3-in-a-Row by BubbaJoe
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A collection of 9 ancient 3-in-a-row strategy board games from around the world. Play against the computer or with a friend.
Tic Tac Toe
Place pieces on the board until someone gets 3-in-a-row.
Also known as Noughts and Crosses.
Move 3 pieces to get 3-in-a-row, excluding the starting row.
From Indian. Similar to the modern version of the Egyptian game of Seega.
Move 3 pieces to get 3-in-a-row, using the center spot.
From the Tiriki people of Kenya.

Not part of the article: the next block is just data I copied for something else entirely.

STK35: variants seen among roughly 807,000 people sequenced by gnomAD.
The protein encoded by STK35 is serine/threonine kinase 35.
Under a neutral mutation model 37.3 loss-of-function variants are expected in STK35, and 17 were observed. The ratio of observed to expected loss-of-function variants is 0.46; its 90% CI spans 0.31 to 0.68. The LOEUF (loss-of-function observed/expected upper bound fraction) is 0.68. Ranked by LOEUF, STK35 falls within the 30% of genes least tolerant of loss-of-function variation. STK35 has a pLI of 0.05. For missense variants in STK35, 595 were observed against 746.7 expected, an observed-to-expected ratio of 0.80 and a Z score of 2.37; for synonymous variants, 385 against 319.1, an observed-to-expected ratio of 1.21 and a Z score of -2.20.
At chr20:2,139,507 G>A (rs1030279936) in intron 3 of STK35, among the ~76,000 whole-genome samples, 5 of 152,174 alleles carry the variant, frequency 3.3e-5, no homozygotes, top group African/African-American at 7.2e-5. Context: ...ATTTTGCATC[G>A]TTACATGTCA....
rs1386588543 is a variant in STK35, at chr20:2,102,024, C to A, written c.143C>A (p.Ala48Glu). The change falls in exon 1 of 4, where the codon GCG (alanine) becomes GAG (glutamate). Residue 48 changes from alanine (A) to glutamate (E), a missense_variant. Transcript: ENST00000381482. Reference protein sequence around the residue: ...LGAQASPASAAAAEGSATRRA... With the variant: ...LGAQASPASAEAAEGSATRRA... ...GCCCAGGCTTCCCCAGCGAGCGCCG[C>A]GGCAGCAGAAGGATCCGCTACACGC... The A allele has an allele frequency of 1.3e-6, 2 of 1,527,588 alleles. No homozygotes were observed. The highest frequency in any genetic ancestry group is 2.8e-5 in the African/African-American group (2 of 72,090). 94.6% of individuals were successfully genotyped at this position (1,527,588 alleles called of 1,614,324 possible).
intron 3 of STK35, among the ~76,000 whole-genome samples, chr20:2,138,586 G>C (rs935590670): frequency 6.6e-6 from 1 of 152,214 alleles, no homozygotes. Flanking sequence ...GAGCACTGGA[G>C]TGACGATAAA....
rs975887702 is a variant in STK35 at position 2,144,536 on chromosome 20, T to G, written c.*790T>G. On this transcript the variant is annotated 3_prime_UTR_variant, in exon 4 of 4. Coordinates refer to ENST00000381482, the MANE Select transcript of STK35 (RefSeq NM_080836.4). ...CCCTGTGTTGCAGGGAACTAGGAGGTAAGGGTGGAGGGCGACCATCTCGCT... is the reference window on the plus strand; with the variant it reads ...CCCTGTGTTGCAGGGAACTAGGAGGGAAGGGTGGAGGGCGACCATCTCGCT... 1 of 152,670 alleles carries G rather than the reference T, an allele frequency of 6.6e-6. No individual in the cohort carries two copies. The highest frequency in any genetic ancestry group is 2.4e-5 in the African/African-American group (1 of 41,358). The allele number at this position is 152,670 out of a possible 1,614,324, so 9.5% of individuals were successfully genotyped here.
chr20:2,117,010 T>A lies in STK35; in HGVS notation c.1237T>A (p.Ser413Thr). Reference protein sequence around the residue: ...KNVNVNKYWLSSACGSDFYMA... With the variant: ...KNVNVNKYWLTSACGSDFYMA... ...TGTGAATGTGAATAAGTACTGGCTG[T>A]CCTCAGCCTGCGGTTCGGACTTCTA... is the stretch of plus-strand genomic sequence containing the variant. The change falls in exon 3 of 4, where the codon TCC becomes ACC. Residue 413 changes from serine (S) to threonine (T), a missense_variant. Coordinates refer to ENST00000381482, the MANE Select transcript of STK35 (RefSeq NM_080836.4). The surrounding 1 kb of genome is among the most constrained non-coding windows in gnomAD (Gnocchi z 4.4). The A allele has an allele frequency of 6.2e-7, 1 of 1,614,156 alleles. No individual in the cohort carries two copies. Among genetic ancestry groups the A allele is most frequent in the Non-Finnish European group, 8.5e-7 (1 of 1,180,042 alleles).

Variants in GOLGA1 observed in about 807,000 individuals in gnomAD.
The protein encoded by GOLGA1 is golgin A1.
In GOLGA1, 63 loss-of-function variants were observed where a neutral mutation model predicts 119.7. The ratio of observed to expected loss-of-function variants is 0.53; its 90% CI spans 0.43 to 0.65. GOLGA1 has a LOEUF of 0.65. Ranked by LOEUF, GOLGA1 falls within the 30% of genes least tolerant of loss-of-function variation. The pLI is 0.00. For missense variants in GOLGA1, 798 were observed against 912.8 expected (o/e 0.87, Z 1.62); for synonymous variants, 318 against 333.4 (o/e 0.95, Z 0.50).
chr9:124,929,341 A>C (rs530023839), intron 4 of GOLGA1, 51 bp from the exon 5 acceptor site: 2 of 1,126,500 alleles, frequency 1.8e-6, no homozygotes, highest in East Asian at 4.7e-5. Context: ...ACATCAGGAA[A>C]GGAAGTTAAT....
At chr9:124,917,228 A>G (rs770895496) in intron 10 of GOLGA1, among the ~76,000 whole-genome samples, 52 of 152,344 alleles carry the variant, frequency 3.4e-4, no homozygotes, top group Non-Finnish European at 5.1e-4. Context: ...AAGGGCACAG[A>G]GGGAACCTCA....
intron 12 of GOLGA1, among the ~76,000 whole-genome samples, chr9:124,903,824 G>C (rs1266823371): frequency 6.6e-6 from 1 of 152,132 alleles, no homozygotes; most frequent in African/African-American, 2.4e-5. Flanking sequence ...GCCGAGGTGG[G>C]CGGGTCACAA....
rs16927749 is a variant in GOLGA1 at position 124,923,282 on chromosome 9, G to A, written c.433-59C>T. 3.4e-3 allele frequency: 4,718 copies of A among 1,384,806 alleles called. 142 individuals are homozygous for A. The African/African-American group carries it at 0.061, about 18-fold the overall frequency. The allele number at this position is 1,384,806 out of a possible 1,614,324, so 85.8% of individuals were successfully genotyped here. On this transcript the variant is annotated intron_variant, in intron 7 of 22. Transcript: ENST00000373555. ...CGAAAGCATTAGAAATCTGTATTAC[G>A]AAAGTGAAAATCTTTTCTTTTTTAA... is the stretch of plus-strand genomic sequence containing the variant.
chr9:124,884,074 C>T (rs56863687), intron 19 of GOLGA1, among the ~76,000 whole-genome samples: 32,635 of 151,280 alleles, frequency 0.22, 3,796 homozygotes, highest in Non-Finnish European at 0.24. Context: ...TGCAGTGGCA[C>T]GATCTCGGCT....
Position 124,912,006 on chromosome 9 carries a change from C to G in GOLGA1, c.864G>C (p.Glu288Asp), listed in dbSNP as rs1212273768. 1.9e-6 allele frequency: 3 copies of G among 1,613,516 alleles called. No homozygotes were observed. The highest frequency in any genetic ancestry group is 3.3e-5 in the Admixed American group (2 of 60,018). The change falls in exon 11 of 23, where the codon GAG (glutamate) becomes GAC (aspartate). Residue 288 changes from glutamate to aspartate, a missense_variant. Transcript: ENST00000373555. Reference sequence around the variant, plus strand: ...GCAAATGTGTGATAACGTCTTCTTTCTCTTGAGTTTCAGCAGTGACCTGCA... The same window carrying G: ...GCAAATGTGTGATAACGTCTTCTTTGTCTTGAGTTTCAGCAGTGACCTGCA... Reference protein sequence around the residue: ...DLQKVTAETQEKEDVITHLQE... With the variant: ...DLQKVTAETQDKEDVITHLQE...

Three Mens Morris
Place 3 pieces, then move to get 3-in-a-row, no diagonals.
From Egypt; also known as Luk tsut K'i in ancient China.
Place 3 pieces, then move to get 3-in-a-row, long diagonals.
From the Philippines.
Place 3 pieces, then move to get 3-in-a-row, all diagonals.
From the Zuni pueblo nation in New Mexico.
Place 3 pieces, then jump anywhere to get 3-in-a-row.
Place 4 pieces, then move to get 3-in-a-row.
Place 3 pieces on a pyramid, then move to get 3-in-a-row.
In single-player mode, there are five difficulty levels. You can lock the difficulty to a specific setting or let it automatically adjust to match your ability. Good luck beating level 5.
In two-player mode, you and a friend play on the same device. Play fair.
What's New in Version 3.7